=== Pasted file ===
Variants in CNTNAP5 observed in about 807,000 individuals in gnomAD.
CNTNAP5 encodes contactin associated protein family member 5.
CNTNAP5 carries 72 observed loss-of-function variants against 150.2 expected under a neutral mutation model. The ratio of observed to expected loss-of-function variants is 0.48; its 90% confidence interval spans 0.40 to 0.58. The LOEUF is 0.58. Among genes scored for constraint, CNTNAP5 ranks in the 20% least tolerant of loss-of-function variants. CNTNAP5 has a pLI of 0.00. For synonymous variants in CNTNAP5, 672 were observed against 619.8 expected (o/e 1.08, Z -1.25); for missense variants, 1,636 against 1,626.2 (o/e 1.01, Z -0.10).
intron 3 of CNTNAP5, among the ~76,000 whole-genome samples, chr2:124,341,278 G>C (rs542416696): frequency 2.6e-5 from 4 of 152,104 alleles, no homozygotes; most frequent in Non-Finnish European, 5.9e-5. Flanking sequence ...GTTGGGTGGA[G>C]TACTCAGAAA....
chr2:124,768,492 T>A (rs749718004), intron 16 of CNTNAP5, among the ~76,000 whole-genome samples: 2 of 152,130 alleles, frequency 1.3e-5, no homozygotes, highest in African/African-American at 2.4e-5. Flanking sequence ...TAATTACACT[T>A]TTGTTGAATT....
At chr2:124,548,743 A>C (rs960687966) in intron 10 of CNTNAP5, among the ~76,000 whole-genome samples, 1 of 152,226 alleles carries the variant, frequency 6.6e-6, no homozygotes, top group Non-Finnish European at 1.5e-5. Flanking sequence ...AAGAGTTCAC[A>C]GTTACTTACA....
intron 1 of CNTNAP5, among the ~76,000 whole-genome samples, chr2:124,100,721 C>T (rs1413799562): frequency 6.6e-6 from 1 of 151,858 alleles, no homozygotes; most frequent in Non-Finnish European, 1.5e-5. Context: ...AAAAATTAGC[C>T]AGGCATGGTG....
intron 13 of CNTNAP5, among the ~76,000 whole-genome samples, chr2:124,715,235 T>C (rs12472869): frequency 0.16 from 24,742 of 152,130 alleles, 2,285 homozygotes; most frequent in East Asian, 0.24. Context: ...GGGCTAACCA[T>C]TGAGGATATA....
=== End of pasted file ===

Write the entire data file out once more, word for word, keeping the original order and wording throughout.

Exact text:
Variants in CNTNAP5 observed in about 807,000 individuals in gnomAD.
CNTNAP5 encodes contactin associated protein family member 5.
CNTNAP5 carries 72 observed loss-of-function variants against 150.2 expected under a neutral mutation model. The ratio of observed to expected loss-of-function variants is 0.48; its 90% confidence interval spans 0.40 to 0.58. The LOEUF is 0.58. Among genes scored for constraint, CNTNAP5 ranks in the 20% least tolerant of loss-of-function variants. CNTNAP5 has a pLI of 0.00. For synonymous variants in CNTNAP5, 672 were observed against 619.8 expected (o/e 1.08, Z -1.25); for missense variants, 1,636 against 1,626.2 (o/e 1.01, Z -0.10).
intron 3 of CNTNAP5, among the ~76,000 whole-genome samples, chr2:124,341,278 G>C (rs542416696): frequency 2.6e-5 from 4 of 152,104 alleles, no homozygotes; most frequent in Non-Finnish European, 5.9e-5. Flanking sequence ...GTTGGGTGGA[G>C]TACTCAGAAA....
chr2:124,768,492 T>A (rs749718004), intron 16 of CNTNAP5, among the ~76,000 whole-genome samples: 2 of 152,130 alleles, frequency 1.3e-5, no homozygotes, highest in African/African-American at 2.4e-5. Flanking sequence ...TAATTACACT[T>A]TTGTTGAATT....
At chr2:124,548,743 A>C (rs960687966) in intron 10 of CNTNAP5, among the ~76,000 whole-genome samples, 1 of 152,226 alleles carries the variant, frequency 6.6e-6, no homozygotes, top group Non-Finnish European at 1.5e-5. Flanking sequence ...AAGAGTTCAC[A>C]GTTACTTACA....
intron 1 of CNTNAP5, among the ~76,000 whole-genome samples, chr2:124,100,721 C>T (rs1413799562): frequency 6.6e-6 from 1 of 151,858 alleles, no homozygotes; most frequent in Non-Finnish European, 1.5e-5. Context: ...AAAAATTAGC[C>T]AGGCATGGTG....
intron 13 of CNTNAP5, among the ~76,000 whole-genome samples, chr2:124,715,235 T>C (rs12472869): frequency 0.16 from 24,742 of 152,130 alleles, 2,285 homozygotes; most frequent in East Asian, 0.24. Context: ...GGGCTAACCA[T>C]TGAGGATATA....